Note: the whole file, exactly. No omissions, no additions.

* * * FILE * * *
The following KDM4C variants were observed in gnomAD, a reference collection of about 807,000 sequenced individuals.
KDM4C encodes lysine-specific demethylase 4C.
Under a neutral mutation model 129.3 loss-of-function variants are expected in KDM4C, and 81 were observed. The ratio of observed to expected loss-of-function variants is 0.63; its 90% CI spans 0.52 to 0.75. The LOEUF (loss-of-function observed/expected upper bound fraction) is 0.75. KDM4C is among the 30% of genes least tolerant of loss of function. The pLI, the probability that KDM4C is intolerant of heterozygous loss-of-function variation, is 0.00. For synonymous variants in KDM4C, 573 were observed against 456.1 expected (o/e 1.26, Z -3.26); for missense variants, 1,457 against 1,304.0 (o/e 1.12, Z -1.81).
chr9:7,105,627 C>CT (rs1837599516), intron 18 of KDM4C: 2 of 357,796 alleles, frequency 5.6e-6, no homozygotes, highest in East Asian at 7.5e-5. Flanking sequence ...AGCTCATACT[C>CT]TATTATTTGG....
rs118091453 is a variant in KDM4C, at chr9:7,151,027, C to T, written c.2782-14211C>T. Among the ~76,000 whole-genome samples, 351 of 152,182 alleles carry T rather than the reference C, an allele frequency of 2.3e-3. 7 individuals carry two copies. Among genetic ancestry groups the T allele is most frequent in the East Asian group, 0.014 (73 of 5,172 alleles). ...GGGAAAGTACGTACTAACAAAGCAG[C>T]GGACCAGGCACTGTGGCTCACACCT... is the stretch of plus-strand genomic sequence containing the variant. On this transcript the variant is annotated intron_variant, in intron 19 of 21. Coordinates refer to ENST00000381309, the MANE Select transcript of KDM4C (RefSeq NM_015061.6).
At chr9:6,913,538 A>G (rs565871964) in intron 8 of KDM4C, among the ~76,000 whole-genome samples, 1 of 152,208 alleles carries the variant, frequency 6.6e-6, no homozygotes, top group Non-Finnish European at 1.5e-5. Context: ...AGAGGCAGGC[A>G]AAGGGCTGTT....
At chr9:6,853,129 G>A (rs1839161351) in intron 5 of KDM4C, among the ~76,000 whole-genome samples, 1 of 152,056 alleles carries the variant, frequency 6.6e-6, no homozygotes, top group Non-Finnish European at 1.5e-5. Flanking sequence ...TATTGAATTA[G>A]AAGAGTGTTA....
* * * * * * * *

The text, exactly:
The following KDM4C variants were observed in gnomAD, a reference collection of about 807,000 sequenced individuals.
KDM4C encodes lysine-specific demethylase 4C.
Under a neutral mutation model 129.3 loss-of-function variants are expected in KDM4C, and 81 were observed. The ratio of observed to expected loss-of-function variants is 0.63; its 90% CI spans 0.52 to 0.75. The LOEUF (loss-of-function observed/expected upper bound fraction) is 0.75. KDM4C is among the 30% of genes least tolerant of loss of function. The pLI, the probability that KDM4C is intolerant of heterozygous loss-of-function variation, is 0.00. For synonymous variants in KDM4C, 573 were observed against 456.1 expected (o/e 1.26, Z -3.26); for missense variants, 1,457 against 1,304.0 (o/e 1.12, Z -1.81).
chr9:7,105,627 C>CT (rs1837599516), intron 18 of KDM4C: 2 of 357,796 alleles, frequency 5.6e-6, no homozygotes, highest in East Asian at 7.5e-5. Flanking sequence ...AGCTCATACT[C>CT]TATTATTTGG....
rs118091453 is a variant in KDM4C, at chr9:7,151,027, C to T, written c.2782-14211C>T. Among the ~76,000 whole-genome samples, 351 of 152,182 alleles carry T rather than the reference C, an allele frequency of 2.3e-3. 7 individuals carry two copies. Among genetic ancestry groups the T allele is most frequent in the East Asian group, 0.014 (73 of 5,172 alleles). ...GGGAAAGTACGTACTAACAAAGCAG[C>T]GGACCAGGCACTGTGGCTCACACCT... is the stretch of plus-strand genomic sequence containing the variant. On this transcript the variant is annotated intron_variant, in intron 19 of 21. Coordinates refer to ENST00000381309, the MANE Select transcript of KDM4C (RefSeq NM_015061.6).
At chr9:6,913,538 A>G (rs565871964) in intron 8 of KDM4C, among the ~76,000 whole-genome samples, 1 of 152,208 alleles carries the variant, frequency 6.6e-6, no homozygotes, top group Non-Finnish European at 1.5e-5. Context: ...AGAGGCAGGC[A>G]AAGGGCTGTT....
At chr9:6,853,129 G>A (rs1839161351) in intron 5 of KDM4C, among the ~76,000 whole-genome samples, 1 of 152,056 alleles carries the variant, frequency 6.6e-6, no homozygotes, top group Non-Finnish European at 1.5e-5. Flanking sequence ...TATTGAATTA[G>A]AAGAGTGTTA....